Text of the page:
View Full Version : How do they expect the offense to function?

During the end of the Bowden years and then again during the O'Brien era, the reds seemed to evaluate starting pitchers by the number of wins the starting pitcher had a couple of years ago. We heard about it with Ramon Ortiz and Paul Wilson and Jimmy Haynes. "He was a 15 game winner two years ago" like that was an individual accomplishment and not a function of the quality of his teammates. As a predictor of future success that particular measurement didn't work out very well. Anybody who has played any fantasy game could have told them as much.

At it's root the whole moneyball idea is to find a place where the market for talent is undervalued and exploit that inefficiency. The A's looked for On Base Percentage which is the single most valuable offensive number and defense. The idea was that Your gus would get on base and not use outs on offense and on defense you would turn more of the balls in play into outs.

The reds on the other hand seem enamored with power. Cantu, Gill, Gonzales to a lesser degree Phillips....they're all decent enough players whose primary offensive value doesn't lie in their ability to get on base, but in their ability to drive the ball for extra bases. David Ross is in the same bin. His OBP is negligible. Almost all of his offensive value lies in his homers. Cody Ross was the same way.

Given that the offense already has Dunn and Junior and a park where even powerless players can crack out a homer now and then, is this a reasonable approach to building a team?

Johnny Footstool

07-30-2007, 12:32 PM

During the end of the Bowden years and then again during the O'Brien era, the reds seemed to evaluate starting pitchers by the number of wins the starting pitcher had a couple of years ago. We heard about it with Ramon Ortiz and Paul Wilson and Jimmy Haynes. "He was a 15 game winner two years ago" like that was an individual accomplishment and not a function of the quality of his teammates. As a predictor of future success that particular measurement didn't work out very well. Anybody who has played any fantasy game could have told them as much.

At it's root the whole moneyball idea is to find a place where the market for talent is undervalued and exploit that inefficiency. The A's looked for On Base Percentage which is the single most valuable offensive number and defense. The idea was that Your gus would get on base and not use outs on offense and on defense you would turn more of the balls in play into outs.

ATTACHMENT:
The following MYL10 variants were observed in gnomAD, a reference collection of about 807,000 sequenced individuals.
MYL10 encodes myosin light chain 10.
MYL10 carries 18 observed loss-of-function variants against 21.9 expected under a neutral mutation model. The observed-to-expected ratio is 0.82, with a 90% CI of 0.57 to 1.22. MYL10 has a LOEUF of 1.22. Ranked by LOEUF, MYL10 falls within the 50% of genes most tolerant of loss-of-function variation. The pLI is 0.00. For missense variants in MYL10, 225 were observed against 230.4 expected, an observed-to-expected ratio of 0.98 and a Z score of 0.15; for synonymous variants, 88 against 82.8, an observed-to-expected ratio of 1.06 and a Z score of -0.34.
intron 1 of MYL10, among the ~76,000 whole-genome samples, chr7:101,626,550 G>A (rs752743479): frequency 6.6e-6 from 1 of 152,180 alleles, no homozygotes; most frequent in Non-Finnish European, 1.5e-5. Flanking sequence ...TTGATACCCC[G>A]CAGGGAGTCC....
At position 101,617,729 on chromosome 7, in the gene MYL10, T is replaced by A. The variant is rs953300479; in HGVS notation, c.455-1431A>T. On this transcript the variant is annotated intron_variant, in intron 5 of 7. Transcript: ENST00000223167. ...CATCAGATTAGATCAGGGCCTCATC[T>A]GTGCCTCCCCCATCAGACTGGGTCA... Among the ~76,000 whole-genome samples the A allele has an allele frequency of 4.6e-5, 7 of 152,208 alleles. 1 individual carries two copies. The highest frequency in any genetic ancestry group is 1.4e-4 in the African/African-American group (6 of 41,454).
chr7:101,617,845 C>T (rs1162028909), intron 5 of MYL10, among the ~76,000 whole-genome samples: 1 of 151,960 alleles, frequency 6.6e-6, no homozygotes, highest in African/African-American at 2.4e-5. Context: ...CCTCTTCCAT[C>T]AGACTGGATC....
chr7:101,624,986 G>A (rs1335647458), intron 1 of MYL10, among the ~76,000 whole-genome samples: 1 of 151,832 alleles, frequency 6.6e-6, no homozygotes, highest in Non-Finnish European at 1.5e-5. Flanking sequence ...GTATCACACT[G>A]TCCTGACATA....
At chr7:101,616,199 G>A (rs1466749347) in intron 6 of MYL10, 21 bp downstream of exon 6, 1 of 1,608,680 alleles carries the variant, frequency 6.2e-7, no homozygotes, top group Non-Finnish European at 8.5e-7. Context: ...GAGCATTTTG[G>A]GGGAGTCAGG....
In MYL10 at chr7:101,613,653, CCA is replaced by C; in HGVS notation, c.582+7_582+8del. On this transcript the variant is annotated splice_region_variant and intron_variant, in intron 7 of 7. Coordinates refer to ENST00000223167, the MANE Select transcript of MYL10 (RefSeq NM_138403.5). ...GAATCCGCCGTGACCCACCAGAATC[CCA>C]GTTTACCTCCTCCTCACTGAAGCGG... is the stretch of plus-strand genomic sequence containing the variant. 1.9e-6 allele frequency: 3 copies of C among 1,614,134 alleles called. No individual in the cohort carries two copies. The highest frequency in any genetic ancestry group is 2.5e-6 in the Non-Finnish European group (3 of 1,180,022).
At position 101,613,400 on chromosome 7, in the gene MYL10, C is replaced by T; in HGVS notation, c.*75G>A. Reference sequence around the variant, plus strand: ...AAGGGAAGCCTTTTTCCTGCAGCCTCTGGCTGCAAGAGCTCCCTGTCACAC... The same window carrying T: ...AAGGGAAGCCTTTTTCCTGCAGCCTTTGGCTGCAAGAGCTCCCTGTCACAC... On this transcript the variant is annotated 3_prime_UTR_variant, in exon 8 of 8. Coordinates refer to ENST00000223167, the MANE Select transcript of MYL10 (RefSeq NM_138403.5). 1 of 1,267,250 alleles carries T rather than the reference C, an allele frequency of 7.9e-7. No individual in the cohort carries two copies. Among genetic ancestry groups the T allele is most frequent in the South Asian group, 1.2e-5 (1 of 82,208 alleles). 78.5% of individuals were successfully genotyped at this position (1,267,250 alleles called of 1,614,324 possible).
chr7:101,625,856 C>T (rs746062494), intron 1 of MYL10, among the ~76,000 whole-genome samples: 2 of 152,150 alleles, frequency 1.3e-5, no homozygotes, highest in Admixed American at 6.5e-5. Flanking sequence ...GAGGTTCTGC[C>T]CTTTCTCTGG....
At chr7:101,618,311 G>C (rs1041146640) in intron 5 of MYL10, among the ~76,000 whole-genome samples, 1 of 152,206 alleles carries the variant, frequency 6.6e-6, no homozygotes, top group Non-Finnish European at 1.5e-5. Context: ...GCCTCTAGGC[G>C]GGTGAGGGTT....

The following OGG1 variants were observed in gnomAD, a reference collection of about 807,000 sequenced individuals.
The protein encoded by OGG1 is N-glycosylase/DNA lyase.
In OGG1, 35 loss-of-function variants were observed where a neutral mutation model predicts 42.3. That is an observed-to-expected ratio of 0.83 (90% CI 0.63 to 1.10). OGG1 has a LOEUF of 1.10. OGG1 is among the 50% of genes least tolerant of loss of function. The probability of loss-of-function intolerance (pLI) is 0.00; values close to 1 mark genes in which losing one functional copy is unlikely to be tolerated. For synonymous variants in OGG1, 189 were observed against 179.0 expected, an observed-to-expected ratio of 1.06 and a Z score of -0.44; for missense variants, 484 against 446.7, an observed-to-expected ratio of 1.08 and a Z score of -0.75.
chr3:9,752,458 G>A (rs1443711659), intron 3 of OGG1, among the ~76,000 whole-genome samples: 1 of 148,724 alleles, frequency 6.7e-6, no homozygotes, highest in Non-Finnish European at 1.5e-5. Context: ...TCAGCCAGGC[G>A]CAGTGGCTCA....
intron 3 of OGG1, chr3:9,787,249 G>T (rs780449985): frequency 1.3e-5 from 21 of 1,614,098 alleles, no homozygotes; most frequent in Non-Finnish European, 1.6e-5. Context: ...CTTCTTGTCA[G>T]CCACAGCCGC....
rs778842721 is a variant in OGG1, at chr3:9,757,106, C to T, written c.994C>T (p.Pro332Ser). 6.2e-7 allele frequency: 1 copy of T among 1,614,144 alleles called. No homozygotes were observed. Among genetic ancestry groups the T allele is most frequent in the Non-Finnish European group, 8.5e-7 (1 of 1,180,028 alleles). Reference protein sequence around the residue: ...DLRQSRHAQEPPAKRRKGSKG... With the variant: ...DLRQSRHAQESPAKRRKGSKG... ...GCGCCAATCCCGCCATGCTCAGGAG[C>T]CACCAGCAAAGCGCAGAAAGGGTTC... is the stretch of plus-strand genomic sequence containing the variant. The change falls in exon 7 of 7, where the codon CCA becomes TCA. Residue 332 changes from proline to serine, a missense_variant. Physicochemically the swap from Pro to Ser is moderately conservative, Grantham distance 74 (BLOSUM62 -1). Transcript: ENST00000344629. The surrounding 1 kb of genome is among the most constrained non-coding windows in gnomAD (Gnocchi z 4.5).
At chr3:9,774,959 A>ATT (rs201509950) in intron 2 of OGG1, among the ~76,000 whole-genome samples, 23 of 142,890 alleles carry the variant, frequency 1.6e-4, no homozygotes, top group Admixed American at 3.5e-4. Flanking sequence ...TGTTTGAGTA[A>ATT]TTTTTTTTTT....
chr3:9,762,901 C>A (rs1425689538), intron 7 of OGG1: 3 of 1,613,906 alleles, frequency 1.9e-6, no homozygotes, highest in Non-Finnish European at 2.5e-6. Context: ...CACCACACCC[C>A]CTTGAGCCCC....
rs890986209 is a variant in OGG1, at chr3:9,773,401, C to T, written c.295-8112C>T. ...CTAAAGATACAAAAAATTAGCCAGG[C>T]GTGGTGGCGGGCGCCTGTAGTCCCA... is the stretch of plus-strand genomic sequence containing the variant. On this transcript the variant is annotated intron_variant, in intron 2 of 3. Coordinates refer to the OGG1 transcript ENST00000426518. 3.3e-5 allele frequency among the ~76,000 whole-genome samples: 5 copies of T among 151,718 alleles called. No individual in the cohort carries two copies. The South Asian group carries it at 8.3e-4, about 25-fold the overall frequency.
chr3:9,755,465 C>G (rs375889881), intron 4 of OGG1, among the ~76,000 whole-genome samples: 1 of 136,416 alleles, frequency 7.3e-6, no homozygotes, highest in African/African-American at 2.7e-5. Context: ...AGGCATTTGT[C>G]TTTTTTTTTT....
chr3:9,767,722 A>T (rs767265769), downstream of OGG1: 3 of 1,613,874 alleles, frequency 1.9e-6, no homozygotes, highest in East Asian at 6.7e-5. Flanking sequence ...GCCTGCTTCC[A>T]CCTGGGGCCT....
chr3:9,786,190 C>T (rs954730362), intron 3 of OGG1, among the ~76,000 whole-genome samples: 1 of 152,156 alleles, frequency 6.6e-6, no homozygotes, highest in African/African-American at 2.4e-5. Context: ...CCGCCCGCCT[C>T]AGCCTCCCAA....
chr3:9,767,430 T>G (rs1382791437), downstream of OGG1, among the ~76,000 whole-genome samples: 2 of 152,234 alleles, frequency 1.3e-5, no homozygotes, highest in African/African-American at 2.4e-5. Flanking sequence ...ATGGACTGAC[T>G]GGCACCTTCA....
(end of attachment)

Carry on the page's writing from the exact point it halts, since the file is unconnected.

The reds on the other hand seem enamored with power. Cantu, Gill, Gonzales to a lesser degree Phillips....they're all decent enough players whose primary offensive value doesn't lie in their ability to get on base, but in their ability to drive the ball for extra bases. David Ross is in the same bin. His OBP is negligible. Almost all of his offensive value lies in his homers. Cody Ross was the same way.

Given that the offense already has Dunn and Junior and a park where even powerless players can crack out a homer now and then, is this a reasonable approach to building a team?

Short answer, no.

OBP needs to drive the offense. SLG is an important ingredient, but OBP is the base.

RedsManRick

07-30-2007, 01:40 PM

The reds on the other hand seem enamored with power. Cantu, Gill, Gonzales to a lesser degree Phillips....they're all decent enough players whose primary offensive value doesn't lie in their ability to get on base, but in their ability to drive the ball for extra bases. David Ross is in the same bin. His OBP is negligible. Almost all of his offensive value lies in his homers. Cody Ross was the same way.

And there's the rub. At some point there are absolute values to things. Sure, the market might price something inappropriately, either high or low, relative to it's real value, but those real values don't change much. Speed helps. Slugging helps a lot. But OBP is life, and it doesn't seem like Reds brass understands that.

And so we end up having this debate of "Big Ball" (homers) vs. "Small Ball" (speed) and the real issue, OBP, goes undiscussed. You can score a lot of runs by getting guys on base and hitting home runs. You can score a lot of runs by getting guys on base and moving them around with speed and singles. But if you can't get guys on base, you can't score a lot of runs.

FWIW, I just ran the correlates of run scoring to date in MLB. Here are the R-squared. They are all positive.

0-.2, very little correlation

.2-.4, medium correlation

.4-.7, strong correlation

.7-1, very stong

BA: 0.65

OBP: .729

SLG: .800

OPS: .888

SB: .136

Bottom line. OBP matters. SLG matters. Combined we can gauge even better. Slugging continually correlates higher.

But here's the problem. Improving SLG at the cost of both average and general OBP doesn't help, because of the interaction effect between these skills. Player A's low OBP makes player B's high SLG less valuable more than the flip side due to the limit of outs per inning. Outs cost you opportunities to slug. A low slugging, non-out event might not score a lot of runs, but it still gives you another opportunity to slug.

Put another way, OBP is a an average of a binomial distribution: on base or out. A low OBP means a lot of bad outcomes. There's no in between. SLG is an average of 0, 1, 2, 3, or 4 bases. So a "bad" slugging % can be a lot of good, but suboptimal outcomes (ie. singles).

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